Death Magnetic

published

As previously stated, I grew up listening to heavy metal music, and still enjoy listening to it today. I’ve been disappointed with the Metallica albums of late, starting with Load, because the music was substantially different from what I had come to expect from the band. Don’t get me wrong: I think every band should be encouraged to experiment and grow as artists, and I’m glad Metallica had the guts to try some new things. Their experiments weren’t very satisfying to me, as a fan, so I didn’t pay much attention to them.

When Metallica released their latest album, Death Magnetic, earlier this year I was cautiously optimistic, and greatly encouraged by initial reports that this album was a return to the style of music that made Metallica famous. I listened to two songs while riding in Rick’s car, and I was immediately impressed. The music and vocals were extremely reminiscent of their earlier works, and the energy of the songs was really impressive. I later listened to the entire album, and thoroughly enjoyed it. Mike was a little more reserved in his endorsement of Death Magnetic, saying that each song sounded like the band screwing around for three minutes before finally remembering that they were, in fact, Metallica for the last two minutes of each song.

Last night I got to see Metallica play at the Schottenstein Arena on the OSU campus, thanks to my buddy Jay. He had a spare ticket, and graciously offered it to me. I met Jay at the Varsity Club, just up the street from the venue, and enjoyed a few beers before the show. Maybe it was the bar, but I was really surprised to see so many older fans waiting for the show. The average age of the folks in the Varsity Club must have been close to 40. Unsurprisingly, everyone was extremely enthusiastic and really looking forward to the show.

The stage was opened on all four sides in the middle of the arena, and the place was nearly full. A large crowd of fans surrounded the stage in the “floor seats” section (thankfully no seats were there). Metallica took the stage in darkness, and the opening song was accompanied by an extremely impressive laser light show. I wouldn’t have associated Metallica and lasers, but the lights did a really good job of creating an exciting atmosphere, and the crowd went absolutely wild.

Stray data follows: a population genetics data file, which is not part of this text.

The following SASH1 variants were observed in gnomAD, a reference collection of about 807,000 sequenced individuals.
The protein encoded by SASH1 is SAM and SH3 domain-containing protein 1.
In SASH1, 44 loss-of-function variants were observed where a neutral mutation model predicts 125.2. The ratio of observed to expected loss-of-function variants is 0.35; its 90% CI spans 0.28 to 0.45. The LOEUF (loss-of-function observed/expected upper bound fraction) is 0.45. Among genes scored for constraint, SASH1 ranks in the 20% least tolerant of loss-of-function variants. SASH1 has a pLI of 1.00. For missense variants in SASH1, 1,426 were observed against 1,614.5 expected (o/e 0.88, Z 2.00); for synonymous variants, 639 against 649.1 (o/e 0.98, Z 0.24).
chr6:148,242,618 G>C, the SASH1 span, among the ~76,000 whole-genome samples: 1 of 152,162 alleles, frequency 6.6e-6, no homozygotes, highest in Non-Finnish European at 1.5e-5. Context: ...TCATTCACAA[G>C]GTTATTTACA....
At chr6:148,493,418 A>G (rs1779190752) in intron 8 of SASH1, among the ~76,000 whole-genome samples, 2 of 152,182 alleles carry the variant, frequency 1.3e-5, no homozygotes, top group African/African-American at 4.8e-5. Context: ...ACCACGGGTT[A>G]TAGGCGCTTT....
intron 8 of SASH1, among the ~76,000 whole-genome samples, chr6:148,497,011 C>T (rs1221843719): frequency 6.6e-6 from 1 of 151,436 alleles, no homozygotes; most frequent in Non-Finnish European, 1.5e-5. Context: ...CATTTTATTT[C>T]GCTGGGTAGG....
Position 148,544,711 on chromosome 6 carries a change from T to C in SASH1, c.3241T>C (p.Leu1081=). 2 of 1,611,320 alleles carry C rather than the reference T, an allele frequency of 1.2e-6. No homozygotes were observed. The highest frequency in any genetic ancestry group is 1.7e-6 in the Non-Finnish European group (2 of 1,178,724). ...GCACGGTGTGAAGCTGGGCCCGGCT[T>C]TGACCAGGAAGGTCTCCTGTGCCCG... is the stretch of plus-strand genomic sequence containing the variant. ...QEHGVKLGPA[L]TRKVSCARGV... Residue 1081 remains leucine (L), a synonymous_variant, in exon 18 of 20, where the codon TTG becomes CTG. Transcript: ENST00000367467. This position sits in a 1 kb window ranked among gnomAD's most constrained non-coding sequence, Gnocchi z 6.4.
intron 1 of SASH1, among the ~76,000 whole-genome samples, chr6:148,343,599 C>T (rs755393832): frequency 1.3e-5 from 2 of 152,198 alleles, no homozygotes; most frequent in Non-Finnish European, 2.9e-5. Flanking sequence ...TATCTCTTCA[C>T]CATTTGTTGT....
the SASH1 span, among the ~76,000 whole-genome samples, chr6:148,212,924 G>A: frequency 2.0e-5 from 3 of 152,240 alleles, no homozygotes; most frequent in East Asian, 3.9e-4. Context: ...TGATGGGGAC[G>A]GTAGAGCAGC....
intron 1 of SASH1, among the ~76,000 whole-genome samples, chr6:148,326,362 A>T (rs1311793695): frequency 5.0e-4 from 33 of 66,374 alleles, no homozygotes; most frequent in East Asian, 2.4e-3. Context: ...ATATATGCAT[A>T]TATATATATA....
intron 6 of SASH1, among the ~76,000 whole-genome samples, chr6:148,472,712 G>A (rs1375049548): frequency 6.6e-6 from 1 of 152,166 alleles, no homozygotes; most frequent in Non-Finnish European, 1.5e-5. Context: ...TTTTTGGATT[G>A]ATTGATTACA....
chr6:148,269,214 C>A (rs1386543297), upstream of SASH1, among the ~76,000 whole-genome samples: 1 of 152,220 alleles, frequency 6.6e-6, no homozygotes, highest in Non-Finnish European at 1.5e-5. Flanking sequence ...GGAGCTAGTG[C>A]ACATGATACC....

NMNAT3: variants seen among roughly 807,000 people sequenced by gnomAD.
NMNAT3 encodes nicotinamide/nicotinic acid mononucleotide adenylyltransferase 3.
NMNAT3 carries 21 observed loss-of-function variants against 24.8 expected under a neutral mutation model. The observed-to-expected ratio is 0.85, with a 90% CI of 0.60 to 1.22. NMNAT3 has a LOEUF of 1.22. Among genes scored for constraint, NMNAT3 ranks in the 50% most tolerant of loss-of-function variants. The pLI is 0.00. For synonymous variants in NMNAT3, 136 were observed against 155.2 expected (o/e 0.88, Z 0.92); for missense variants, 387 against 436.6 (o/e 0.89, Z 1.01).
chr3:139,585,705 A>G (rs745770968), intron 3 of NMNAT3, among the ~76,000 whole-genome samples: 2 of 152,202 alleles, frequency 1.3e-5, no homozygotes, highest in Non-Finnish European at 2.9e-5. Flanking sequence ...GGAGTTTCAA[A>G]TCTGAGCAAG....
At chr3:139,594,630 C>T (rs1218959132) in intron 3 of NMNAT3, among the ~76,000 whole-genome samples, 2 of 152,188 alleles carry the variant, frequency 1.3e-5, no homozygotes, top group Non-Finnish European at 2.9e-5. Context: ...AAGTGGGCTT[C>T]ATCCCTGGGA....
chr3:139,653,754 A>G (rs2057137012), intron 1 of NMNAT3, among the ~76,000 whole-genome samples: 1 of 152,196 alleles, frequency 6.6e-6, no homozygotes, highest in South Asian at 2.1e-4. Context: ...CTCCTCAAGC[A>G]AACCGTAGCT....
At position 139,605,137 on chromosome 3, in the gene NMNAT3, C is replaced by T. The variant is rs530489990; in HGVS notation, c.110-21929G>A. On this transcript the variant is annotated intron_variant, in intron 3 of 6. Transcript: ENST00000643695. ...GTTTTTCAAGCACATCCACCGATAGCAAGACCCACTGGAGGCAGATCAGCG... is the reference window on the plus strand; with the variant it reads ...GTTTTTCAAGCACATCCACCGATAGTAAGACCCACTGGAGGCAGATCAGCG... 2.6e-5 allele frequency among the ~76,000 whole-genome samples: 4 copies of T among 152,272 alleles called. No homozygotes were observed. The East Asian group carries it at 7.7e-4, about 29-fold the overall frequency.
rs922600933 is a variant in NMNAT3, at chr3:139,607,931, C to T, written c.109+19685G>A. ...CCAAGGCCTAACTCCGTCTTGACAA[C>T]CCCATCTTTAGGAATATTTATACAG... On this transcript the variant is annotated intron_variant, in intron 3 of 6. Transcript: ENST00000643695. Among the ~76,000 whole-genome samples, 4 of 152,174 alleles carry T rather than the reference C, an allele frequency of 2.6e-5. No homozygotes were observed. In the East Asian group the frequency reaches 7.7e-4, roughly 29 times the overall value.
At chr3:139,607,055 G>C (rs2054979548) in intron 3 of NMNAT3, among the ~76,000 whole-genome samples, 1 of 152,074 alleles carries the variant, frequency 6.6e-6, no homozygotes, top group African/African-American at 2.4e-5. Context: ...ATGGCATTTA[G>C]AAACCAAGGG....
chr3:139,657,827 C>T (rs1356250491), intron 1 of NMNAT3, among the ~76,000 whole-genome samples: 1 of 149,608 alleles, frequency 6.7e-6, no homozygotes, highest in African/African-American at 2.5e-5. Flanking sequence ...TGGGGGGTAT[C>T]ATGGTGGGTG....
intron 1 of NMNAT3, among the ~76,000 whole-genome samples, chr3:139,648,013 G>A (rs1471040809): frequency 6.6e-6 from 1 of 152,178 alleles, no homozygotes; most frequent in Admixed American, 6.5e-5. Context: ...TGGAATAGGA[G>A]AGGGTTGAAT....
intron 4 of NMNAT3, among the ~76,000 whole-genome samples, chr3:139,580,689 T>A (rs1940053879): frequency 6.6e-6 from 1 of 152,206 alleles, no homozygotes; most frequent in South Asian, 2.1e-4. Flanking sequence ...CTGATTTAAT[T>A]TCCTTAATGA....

Having seen songs from Death Magnetic played live, I can absolutely refute Mike’s assertion that the new songs “warm up” to traditional Metallica style. The new songs were played with enthusiasm, and it was all Metallica, with no hesitation. The band was clearly having a good time, and their good time easily spilled over onto the crowd. They played a fantastic mix of old classics along with their new material, and the play list was extremely well coordinated. They played one song from Death Magnetic (please forgive me: I haven’t committed the new songs to memory yet) that has a rhythm very similar to Creeping Death from Ride the Lightning. As I stood, enjoying the thumping music and the audience screaming enthusiastically around me, I thought to myself “Creeping Death would be the perfect follow-up to this song.” I was a little disappointed when the song ended, and the band took a quick breather, but within moments they were back on stage and lo! the opening riff from Creeping Death ripped through the arena.

It was interesting to watch Metallica play. They were filled with energy, and really interacted with the audience. They’ve grown not only as musicians, but as entertainers: James Hetfield engaged the audience, and really got the fans excited. When he asked how many people were there to see their first Metallica concert, I was stunned to see at least half of the audience raise their hands. Hetfield noted that a young boy was in the front row of the general admission crowd around the stage, and asked how old he was. The kid was 11, and Hetfield thanked the kid and his parents for coming to the show together. As I looked around, I noticed that this was not an anomaly: there were lots of families together at the show. It was really something to see kids rocking out next to their parents, huge grins on everyone’s face as they all sang the lyrics together.

The night included many of my favorite classic Metallica songs, including the full version of Master of Puppets, Leper Messiah, Jump in the Fire and Ride the Lightning. Fan favorites like One, and Wherever I May Roam were well received, and the evening closed with Seek and Destroy, during which several dozen gigantic black beachballs, emblazoned with the Metallica logo, fell from the rafters. It was quite a spectacle to see the balls flying through the air, and the folks in the general admission section scrambling to catch them. It struck me as simultaneously silly and pretty cool that such a thing would occur at a Metallica concert.

As my buddy Jay said at the end of the night, Metallica has realized it’s okay for them to be the band that they are. They still have the energy and passion to produce and perform fantastic music, and I’m really glad I got the opportunity to see them again. Thanks, Jay!


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